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Leon County Commission must wait for State in deciding future of confederate monument

Posted at 6:16 PM, Oct 13, 2020
and last updated 2020-10-13 18:16:57-04

TALLAHASSEE, Fla. (WTXL) — Leon County commissioners are looking to decide on the future of the monument dedicated to local Confederate soldiers.

First, the board must decide who is responsible for the statue.

In 2017, Governor Rick Scott said that the statue was under the Florida Historic Capitol Museum's control as an exhibit.

Then-Senate president Joe Negron later said that the monument falls under the Florida Department of Management Services.

The statue, located in front of the old Florida Capitol building, was dedicated by "local women" to honor those who died during the civil war.

While there is no exact language that dedicates the statue to the confederacy, for now, this confederate monument stays where it is while commissioners wait to hear from the state.

County commissioners have reached out to the governor and other state leaders in the past to get guidance over the memorial. Still, commissioner Kristin Dozier says they never got a response.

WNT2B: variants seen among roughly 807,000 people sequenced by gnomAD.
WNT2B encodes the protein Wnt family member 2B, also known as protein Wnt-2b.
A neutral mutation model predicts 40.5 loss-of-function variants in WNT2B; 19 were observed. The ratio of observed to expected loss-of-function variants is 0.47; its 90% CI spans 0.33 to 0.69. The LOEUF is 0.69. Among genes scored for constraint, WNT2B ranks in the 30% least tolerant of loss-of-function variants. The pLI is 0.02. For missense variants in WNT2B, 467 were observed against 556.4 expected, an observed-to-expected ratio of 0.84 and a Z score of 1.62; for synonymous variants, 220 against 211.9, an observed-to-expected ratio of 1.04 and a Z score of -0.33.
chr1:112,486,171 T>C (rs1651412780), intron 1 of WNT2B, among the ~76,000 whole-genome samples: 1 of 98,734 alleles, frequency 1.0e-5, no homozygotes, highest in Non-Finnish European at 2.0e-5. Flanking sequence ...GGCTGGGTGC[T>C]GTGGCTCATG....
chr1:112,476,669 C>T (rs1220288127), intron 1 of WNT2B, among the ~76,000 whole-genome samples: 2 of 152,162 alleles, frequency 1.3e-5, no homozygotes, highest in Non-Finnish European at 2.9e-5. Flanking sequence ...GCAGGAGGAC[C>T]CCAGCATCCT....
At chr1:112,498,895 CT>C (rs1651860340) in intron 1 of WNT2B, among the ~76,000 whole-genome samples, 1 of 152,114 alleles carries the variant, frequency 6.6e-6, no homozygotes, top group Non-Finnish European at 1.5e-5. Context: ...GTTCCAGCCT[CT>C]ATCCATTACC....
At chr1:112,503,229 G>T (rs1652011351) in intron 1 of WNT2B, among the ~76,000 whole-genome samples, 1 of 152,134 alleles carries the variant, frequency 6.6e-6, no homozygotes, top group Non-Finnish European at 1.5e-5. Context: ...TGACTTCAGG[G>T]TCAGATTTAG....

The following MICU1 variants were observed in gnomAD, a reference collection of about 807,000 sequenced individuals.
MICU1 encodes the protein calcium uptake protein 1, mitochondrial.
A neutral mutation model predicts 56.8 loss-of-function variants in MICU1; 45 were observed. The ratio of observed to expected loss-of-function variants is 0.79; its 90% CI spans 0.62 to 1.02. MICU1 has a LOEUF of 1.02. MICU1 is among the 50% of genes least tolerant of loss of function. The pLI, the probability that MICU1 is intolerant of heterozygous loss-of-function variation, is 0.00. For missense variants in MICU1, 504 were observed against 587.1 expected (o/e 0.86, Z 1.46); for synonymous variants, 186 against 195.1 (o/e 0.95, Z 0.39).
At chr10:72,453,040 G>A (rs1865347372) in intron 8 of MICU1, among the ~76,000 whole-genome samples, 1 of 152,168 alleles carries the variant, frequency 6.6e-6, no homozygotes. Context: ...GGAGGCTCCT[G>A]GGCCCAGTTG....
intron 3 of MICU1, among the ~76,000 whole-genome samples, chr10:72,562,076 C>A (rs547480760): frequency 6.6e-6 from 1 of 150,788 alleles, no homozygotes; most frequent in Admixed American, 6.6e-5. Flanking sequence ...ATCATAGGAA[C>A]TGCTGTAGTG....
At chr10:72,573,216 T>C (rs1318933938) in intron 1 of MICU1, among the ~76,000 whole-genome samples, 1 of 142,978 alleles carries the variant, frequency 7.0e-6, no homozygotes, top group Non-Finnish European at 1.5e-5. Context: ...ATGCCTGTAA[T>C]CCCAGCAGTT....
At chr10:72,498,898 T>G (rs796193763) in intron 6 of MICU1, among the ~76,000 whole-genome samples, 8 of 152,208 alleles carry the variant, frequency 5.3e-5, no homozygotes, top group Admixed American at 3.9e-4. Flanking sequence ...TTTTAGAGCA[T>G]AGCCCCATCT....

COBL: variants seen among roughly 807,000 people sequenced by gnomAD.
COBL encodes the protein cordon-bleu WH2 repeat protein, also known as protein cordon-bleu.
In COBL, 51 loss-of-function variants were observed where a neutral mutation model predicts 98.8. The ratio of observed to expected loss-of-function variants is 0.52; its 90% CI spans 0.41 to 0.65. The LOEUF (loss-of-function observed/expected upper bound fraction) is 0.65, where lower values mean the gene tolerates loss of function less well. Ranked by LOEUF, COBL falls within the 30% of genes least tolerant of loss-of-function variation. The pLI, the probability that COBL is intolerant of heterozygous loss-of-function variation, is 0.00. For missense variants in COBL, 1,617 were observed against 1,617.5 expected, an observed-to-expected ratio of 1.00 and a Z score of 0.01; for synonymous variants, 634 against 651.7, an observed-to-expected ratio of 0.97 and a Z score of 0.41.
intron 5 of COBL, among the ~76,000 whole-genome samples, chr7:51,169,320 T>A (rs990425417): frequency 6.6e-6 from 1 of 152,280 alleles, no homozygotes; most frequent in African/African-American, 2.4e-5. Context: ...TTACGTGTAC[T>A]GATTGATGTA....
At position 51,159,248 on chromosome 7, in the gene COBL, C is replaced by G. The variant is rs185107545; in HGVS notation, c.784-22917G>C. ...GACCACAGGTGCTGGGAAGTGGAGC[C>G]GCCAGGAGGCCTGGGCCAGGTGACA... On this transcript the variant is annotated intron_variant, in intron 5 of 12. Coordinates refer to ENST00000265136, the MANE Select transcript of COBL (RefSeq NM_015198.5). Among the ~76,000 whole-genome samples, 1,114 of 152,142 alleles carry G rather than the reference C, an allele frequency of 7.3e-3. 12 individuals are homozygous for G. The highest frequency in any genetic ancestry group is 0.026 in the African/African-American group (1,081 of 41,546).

She's now suggesting looking at alternative plans that don't involve moving the monument.

"If they never let us remove this, if they never respond or let's just say in the next couple of years, let's pursue both paths at the same time," said Dozier. "We need to do everything because I don't just want it to sit there without any comment or action."

Commissioners plan to revisit the topic before the end of the year, hoping this time they can make a final decision about whether it stays or goes.

"I think that we should contextualize a letter with a request that Leon County Commission desires to remove a statue which captures our county name," said Bill Proctor. i "I think it's worthwhile to say in that letter that this is one of the most immoral and illegal moments of Florida's past."

City and county leaders are also asking for more citizen input before making changes to 28-hundred acres in our community.

Tonight marks the eighth time that people have been able to weigh in the project.

What's up for debate is expanding the 2,800-acre property where the Welaunee Plantation is located, to Roberts Avenue, north of the Canopy development.

The move would push future development, for the next couple of decades into the northeast corridor.

While plans for the development have changed along with what people want many living on Tallahassee’s northeast side want to keep the area rural.

On the other side, commissioners believe money for large development projects should bring business central to Tallahassee not on the outskirts.